In 2007, Ari Meisel was diagnosed with a severe case of Crohn’s disease (a disease of the digestive tract) and nearly died. He was in an out of the hospital and told the disease was incurable.
But in 2011, he completed Ironman France and was declared free of all traces of the disease.
Meisel says that he achieved his good health by improving his diet and fitness, but also by finding a way to deal with stress, which he says was a big part of his illness.
What Meisel learned about how to deal with his stress and put him on the road to better health is shared in his upcoming book, “Less Doing, More Living.” He says he believes others can learn from the “less is more” philosophy that he has says can help anyone rid their lives of superfluous work and repetitive tasks that often cause stress.
“Stress is a major cause of inflammation. It taxes our nervous system in a way that is really dangerous when it becomes chronic,” he says. “I created ‘Less Doing’ with the goal of freeing up as much time as possible so people could reclaim their minds, stress less, and do the things they want to do.”
As part of that philosophy, Meisel says he uses the “80/20 rule” differently that most people who see it as a “resource allocation model.”
“For me, it's a constant reminder to track everything I do,” he says. “Nowadays it's so easy to track what you eat, how well you slept, how many emails you sent, even your blood markers. With that data comes a lot of power to find places where we can achieve more optimal results.”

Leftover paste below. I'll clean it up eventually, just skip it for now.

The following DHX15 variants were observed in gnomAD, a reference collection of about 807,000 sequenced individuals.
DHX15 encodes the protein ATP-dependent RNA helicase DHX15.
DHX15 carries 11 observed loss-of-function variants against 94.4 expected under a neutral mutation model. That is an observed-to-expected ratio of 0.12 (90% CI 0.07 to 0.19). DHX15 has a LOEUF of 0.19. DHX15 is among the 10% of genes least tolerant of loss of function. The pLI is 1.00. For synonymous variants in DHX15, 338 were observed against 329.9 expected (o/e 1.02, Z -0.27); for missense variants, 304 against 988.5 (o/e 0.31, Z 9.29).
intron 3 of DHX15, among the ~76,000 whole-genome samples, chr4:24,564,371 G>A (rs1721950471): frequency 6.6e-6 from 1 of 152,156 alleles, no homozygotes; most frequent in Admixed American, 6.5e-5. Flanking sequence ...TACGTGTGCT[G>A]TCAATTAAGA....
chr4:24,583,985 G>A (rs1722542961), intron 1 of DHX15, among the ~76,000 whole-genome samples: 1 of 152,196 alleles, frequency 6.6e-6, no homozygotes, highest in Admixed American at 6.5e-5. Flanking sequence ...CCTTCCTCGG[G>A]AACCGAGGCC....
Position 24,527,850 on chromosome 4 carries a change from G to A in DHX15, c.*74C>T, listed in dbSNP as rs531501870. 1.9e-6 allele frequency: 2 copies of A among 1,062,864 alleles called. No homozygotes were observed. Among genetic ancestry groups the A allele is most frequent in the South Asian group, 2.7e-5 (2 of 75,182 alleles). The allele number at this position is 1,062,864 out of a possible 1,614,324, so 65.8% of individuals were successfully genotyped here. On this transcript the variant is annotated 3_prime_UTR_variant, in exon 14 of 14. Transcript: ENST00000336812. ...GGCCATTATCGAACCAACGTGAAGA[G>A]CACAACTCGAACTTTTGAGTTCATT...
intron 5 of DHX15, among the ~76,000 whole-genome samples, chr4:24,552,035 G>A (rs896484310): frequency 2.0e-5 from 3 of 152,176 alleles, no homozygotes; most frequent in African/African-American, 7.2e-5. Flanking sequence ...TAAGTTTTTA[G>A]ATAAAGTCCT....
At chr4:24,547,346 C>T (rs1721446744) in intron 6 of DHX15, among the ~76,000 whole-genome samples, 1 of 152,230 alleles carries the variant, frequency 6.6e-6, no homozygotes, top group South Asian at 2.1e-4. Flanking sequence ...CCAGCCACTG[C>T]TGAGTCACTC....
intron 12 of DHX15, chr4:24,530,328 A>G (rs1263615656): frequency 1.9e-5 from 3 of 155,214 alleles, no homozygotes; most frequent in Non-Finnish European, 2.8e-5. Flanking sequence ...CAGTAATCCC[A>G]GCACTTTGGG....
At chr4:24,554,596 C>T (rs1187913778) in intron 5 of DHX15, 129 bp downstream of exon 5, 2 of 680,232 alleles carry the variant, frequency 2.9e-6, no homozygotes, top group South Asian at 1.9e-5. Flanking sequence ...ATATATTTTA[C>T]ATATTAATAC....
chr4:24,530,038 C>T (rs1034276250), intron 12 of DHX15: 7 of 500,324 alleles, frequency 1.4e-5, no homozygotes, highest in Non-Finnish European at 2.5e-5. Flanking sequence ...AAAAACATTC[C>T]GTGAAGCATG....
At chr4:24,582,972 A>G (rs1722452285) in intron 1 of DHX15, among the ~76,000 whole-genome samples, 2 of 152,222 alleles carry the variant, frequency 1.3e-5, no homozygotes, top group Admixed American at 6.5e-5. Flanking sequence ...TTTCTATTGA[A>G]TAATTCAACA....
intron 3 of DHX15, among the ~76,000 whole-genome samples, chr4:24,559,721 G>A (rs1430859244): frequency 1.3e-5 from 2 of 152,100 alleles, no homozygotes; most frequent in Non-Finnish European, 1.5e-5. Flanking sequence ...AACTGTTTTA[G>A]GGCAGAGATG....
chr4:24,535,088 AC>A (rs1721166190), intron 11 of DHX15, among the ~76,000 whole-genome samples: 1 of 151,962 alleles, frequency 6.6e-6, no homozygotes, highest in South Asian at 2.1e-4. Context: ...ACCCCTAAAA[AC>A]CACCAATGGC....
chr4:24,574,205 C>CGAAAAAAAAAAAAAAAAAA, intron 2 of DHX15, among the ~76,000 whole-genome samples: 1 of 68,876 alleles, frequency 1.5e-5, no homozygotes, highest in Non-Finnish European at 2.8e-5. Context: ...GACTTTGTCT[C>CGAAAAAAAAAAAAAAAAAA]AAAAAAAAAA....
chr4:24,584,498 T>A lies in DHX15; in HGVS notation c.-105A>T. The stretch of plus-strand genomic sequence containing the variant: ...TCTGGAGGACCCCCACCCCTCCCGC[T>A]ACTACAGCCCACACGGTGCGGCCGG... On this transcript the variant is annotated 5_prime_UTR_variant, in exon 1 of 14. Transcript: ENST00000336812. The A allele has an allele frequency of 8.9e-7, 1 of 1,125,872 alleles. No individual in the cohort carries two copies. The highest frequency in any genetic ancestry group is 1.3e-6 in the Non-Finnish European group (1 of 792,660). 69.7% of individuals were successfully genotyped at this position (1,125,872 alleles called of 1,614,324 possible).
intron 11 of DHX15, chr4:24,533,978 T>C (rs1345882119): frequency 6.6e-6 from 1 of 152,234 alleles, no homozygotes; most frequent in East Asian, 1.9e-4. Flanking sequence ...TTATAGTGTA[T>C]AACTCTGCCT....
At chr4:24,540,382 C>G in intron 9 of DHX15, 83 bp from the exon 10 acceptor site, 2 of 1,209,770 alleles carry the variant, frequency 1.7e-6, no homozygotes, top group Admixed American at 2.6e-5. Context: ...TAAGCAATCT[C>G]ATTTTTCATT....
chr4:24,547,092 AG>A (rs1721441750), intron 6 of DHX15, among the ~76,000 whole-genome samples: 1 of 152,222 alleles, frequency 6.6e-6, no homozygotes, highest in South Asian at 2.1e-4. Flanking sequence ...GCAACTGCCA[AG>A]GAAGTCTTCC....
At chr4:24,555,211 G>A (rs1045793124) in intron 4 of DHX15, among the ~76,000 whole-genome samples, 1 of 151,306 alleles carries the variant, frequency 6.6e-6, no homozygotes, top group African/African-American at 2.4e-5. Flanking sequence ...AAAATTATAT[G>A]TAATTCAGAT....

Here are some suggestions from Meisel on how to reclaim your time:
For example, he suggests using FollowUp.cc, which allows you to bring things to your attention “at just the right time.” The tool’s built-in snooze functionality also can “help find that time if you don't get it right the first go around,” he says.
“Our brains work better in sprints than marathons and sticking to a task, even for 25 minutes, has great benefits,” he says.
While Meisel says he believes batching can save most people five to 10 hours a week, you must be careful and not let it overwhelm you by taking it too far.
For example, waiting three weeks to do laundry can be overwhelming if you wait three weeks to do it instead of tackling it every week. Not to mention that small problem of running out of clean underwear…
What time-saving strategies do you use to reduce stress?